After a stream of photos of our boats and others in foreign waters, here we are back in our winter base at Barton. Thank you Rosemary for not only remembering your camera but also you took some pictures!
This was Tuesday:
Most important après-row activity – making sure the boat is left in a clean state for the next crew – maximum points, team.
Another fine outing in the cold, steady drizzle today (Wednesday) – up to How Hill and back. We even won the race – in fact you couldn’t see the opposition. They were nowhere in sight!
AGM at Blakeney Sailing Club 7:30 p.m.on Thursday 3 December.
Would be good to catch up with you all there.
Mists and falling temperatures, but the water is just as enticing. We had a great row this morning at Barton Broad. Kept ourselves warm by some serious full-pressure sessions.
Monitored by a Marsh Harrier flying high above us, a darting Kingfisher skimming across the water in front of us and a gaggle of long-tailed Tits flitting between branches. Swans glided serenely and scornfully past and we even got a nod from a huge but benign-looking Highland bull taking a rest on the bank.
Took the camera and left it in the car… so here is another shot of the fresh water sprints in Scotland:
The Scottish Costal Rowing Association (SCRA the parent body for St Ayles skiffs worldwide) held its AGM last weekend and to add some fun for those who travelled from far and wide to attend, a series of Freshwater Sprints was held on the nearby Loch.
Spectacular at any time, when the sun shines, the scenery in the Trossachs is beautiful.
Our Captain and President represented CRAB at the AGM (not sure whether they rowed as well?) but Victoria and Mike travelled from Langstone to take part and sent these photos.
The lovely steamship Sir Walter Scott mingled with the skiffs…
And the safety boat too!…No petro-chemical, internal combustion engines on the Loch…
To see more, and the results, look at the SCRA website: www.scottishcoastalrowing.org
It may not have been part of the original plan for our impromptu training weekend but increasing the pressure by towing becalmed sailors proved a useful workout:
Don’t be deceived, the catamaran is not overtaking the skiff. Our all-ladies crew is pulling hard in all senses of the word.
All in a day’s training with CRAB.
We were joined by a crew from Kings Lynn Coastal Rowing. They didn’t bring their boat but had a great time trying out our new prototype oars.
The general consensus is that the oars are better balanced and make it easier to power the boat along – but being long with wider blades, catching crabs can be very much the order of the day.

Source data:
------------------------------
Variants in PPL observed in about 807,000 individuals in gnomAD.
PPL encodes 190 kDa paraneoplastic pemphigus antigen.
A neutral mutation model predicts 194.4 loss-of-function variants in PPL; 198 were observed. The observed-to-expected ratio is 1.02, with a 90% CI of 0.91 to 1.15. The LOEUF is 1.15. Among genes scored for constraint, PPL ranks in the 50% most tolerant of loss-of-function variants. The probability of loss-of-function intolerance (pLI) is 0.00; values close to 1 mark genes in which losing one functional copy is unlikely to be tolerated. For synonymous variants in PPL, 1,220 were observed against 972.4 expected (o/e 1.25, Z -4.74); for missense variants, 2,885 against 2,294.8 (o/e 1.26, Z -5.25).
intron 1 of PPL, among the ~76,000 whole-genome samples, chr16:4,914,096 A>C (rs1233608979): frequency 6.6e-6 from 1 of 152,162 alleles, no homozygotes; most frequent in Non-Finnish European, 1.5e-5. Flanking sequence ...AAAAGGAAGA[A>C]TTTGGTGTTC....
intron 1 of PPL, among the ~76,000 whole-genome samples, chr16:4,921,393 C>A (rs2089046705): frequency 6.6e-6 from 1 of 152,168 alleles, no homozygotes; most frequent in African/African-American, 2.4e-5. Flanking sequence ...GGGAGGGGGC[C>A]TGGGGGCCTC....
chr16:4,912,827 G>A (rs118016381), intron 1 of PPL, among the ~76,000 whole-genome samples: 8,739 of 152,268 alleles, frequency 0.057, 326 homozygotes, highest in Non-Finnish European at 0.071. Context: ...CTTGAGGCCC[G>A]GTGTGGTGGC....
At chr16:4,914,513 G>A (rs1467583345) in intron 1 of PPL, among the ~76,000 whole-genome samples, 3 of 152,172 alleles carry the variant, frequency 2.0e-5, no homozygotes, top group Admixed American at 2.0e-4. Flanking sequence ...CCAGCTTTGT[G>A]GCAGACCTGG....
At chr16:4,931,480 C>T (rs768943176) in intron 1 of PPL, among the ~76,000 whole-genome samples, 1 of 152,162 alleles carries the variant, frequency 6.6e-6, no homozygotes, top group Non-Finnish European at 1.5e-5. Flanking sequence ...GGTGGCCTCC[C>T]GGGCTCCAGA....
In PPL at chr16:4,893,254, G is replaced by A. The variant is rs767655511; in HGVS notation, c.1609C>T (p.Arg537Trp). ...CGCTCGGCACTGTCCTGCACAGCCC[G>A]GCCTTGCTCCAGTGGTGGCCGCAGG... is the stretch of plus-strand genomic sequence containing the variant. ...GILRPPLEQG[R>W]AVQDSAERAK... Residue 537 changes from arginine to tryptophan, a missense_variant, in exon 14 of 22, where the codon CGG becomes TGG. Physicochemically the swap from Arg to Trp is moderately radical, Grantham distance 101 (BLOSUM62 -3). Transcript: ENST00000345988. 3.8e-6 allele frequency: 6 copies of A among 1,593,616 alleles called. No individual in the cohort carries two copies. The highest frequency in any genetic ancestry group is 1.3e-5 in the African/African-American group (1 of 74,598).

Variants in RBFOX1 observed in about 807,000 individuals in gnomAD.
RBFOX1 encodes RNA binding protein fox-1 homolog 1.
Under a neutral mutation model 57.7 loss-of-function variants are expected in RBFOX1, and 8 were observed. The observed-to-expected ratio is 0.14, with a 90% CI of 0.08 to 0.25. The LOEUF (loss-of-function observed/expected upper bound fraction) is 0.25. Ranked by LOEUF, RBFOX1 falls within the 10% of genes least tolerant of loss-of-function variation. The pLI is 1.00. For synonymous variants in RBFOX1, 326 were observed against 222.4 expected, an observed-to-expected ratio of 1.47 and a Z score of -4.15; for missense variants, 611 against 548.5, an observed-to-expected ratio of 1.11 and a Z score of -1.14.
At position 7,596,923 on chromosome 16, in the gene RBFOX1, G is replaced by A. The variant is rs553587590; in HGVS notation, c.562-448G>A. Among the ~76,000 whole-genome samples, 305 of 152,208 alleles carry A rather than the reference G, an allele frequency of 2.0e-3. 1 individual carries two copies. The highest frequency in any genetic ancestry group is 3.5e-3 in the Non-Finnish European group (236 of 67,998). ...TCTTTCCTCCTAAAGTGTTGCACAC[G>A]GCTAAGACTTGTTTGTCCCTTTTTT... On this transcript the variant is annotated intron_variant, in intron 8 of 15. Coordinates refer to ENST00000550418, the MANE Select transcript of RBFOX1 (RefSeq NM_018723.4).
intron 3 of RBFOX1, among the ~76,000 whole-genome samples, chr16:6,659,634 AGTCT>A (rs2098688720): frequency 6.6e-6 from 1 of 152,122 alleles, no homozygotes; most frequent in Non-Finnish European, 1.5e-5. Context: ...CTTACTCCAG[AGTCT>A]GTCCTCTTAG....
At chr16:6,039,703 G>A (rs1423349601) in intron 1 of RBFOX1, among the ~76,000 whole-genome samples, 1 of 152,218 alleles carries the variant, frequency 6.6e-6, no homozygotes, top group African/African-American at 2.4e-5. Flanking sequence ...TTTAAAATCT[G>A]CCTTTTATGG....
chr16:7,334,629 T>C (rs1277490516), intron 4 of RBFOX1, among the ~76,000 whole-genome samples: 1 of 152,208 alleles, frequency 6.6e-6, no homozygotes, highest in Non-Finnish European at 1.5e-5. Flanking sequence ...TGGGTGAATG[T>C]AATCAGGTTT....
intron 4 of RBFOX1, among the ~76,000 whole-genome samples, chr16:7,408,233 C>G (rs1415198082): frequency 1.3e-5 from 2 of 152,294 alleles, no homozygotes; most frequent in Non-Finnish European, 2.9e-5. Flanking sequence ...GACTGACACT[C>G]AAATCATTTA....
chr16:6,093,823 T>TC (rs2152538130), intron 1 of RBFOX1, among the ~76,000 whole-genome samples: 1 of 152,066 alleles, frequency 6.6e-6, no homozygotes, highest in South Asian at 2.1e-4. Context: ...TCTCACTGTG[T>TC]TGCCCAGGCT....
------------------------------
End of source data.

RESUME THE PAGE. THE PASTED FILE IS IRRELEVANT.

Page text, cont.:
Not a problem in flat calm water, as in the picture above, but Saturday presented a challenge; rowing back against a fresh Easterly with a good old Blakeney chop, was guaranteed to catch the unwary.
Particular thanks to Victoria and Mike for passing on their expertise throughout the weekend.
CRAB members travelled on from Paris to Jersey to assist Standard Chartered Bank to complete a challenge. They were set to bike twice round the island on day one, row round on day 2 and do the Jersey marathon on day 3. Ummm!
This time rowing was in a couple of adventure gigs ( Cornish Pilot Gigs modified by AdventureRowing in Langstone for this sort of thing) – hence the spoon-blade oars being held aloft before leaving St Hellier harbour:
34 miles and 6 hrs 39 mins later the first boat crossed the line; 6 mins later the second boat finished:
Conclusion of the day, adventure gigs have the world’s hardest seats!
Oarsome Chance Ltd., a charitable foundation giving many youngsters (NEETS) the opportunity to get involved with the build of St Ayles skiffs then go out and row, set off to la belle France to tackle the Travesrsée de Paris.
First, one of the founders needs to learn how to row. Note the natty rowlocks:
CRAB and Langstone rowers made up the numbers.
Next step is to launch – at night!
So far so good – except all the others taking part are in sliding-seat fours! Still there are sights you don’t get on the Thames:
As a bonus, an excursion round the Ile de France – but broke the tiller and had to accept a tow back!
Ah! well, all in a days Skiffie rowing.
More magic; but of the autumnal, moody, misty, etherial type:
Many thanks to David Horsley – local wild-life photographer – for catching this from Tom’s boat.